Instead of liquidating your investments during emergencies, a better option could be to take a loan against them
The investments continue to grow while pledged, and the borrower continues to receive dividends, bonuses, etc, during the period of the loan
There are many securities a borrower can to get a loan. Common ones include demat shares, mutual funds (equity as well as debt), insurance policies and bonds.
For each of these instruments, lenders have a list of what is acceptable and what is not. They may, for example, accept mutual funds from specific fund houses only or life insurance from three-four companies.
Many banks provide this list on their websites.
While there are no prepayment or foreclosure charges, there could be other charges such as processing charge, overdraft maintenance fee, stamp duty on the loan agreement, pledge creation fee, de-pledge fee, annual maintenance charges, etc.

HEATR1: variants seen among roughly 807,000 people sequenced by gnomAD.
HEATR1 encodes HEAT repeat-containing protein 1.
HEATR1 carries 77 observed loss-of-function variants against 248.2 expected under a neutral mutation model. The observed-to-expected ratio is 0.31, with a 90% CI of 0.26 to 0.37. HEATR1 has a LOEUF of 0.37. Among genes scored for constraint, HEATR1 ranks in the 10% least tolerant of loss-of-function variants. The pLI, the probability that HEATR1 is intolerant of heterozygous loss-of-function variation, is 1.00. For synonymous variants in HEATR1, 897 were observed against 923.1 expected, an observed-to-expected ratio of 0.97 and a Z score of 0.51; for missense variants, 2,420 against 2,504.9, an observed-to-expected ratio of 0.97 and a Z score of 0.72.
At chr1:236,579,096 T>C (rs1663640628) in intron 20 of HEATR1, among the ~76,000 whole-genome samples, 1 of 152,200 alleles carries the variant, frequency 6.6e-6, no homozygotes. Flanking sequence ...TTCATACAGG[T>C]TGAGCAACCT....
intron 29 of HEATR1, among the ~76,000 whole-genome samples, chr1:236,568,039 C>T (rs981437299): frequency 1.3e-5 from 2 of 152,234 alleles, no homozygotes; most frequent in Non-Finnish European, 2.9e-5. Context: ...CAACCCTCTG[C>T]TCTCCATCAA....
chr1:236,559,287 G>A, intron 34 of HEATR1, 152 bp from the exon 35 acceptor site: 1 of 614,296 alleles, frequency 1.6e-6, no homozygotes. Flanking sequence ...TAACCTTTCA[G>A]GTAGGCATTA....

The loan-to-value ratio depends on the security. For a debt fund, for example, a lender can give a loan up to 80 per cent of value. In the case of equities, it’s usually 50-60 per cent.
As the value of security could fluctuate, the lender has the right to invoke and sell the security when the outstanding amount reaches closer to the value of the underlying asset. In such situations, the borrower might be required to offer more security as collateral.
If you are availing of this loan, don’t go overboard and limit yourself to the amount you need.